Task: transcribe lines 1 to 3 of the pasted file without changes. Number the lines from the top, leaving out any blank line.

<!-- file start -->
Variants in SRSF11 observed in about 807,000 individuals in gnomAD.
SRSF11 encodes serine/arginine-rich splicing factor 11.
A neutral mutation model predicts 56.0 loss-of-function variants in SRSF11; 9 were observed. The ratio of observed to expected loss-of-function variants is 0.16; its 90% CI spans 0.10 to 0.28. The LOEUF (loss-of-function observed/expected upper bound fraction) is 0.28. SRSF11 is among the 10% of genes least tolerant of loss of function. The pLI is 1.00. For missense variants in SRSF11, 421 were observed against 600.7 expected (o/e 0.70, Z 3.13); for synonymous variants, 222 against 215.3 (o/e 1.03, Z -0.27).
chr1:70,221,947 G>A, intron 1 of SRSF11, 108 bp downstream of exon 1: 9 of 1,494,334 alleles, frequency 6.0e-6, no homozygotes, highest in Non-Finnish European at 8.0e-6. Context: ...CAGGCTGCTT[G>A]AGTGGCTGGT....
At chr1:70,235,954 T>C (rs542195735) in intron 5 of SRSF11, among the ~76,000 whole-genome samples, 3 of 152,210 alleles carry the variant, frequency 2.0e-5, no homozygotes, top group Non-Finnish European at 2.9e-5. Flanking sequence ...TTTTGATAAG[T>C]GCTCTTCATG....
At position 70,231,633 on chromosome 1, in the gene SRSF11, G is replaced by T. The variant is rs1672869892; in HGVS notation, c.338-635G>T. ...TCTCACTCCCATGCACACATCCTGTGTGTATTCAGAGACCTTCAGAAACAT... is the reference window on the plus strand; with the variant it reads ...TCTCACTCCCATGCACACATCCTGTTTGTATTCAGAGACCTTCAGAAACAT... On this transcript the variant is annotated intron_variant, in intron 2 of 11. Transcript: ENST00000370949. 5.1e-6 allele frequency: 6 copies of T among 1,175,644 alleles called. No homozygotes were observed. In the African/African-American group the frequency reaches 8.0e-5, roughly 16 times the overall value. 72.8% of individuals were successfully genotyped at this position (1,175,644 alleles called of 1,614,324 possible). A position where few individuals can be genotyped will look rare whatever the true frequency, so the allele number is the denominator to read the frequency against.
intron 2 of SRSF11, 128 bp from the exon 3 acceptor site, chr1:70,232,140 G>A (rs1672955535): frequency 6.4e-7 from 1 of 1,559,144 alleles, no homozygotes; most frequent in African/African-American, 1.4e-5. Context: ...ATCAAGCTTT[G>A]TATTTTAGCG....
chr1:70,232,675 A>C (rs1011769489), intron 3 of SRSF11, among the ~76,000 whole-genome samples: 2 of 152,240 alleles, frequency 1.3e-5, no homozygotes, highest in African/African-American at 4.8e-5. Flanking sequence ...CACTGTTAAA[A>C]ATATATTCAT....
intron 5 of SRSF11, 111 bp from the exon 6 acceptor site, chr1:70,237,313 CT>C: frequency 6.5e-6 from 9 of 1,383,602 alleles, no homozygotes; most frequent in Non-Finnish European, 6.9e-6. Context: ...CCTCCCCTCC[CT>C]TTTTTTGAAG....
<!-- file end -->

Variants in SRSF11 observed in about 807,000 individuals in gnomAD.
SRSF11 encodes serine/arginine-rich splicing factor 11.
A neutral mutation model predicts 56.0 loss-of-function variants in SRSF11; 9 were observed. The ratio of observed to expected loss-of-function variants is 0.16; its 90% CI spans 0.10 to 0.28. The LOEUF (loss-of-function observed/expected upper bound fraction) is 0.28. SRSF11 is among the 10% of genes least tolerant of loss of function. The pLI is 1.00. For missense variants in SRSF11, 421 were observed against 600.7 expected (o/e 0.70, Z 3.13); for synonymous variants, 222 against 215.3 (o/e 1.03, Z -0.27).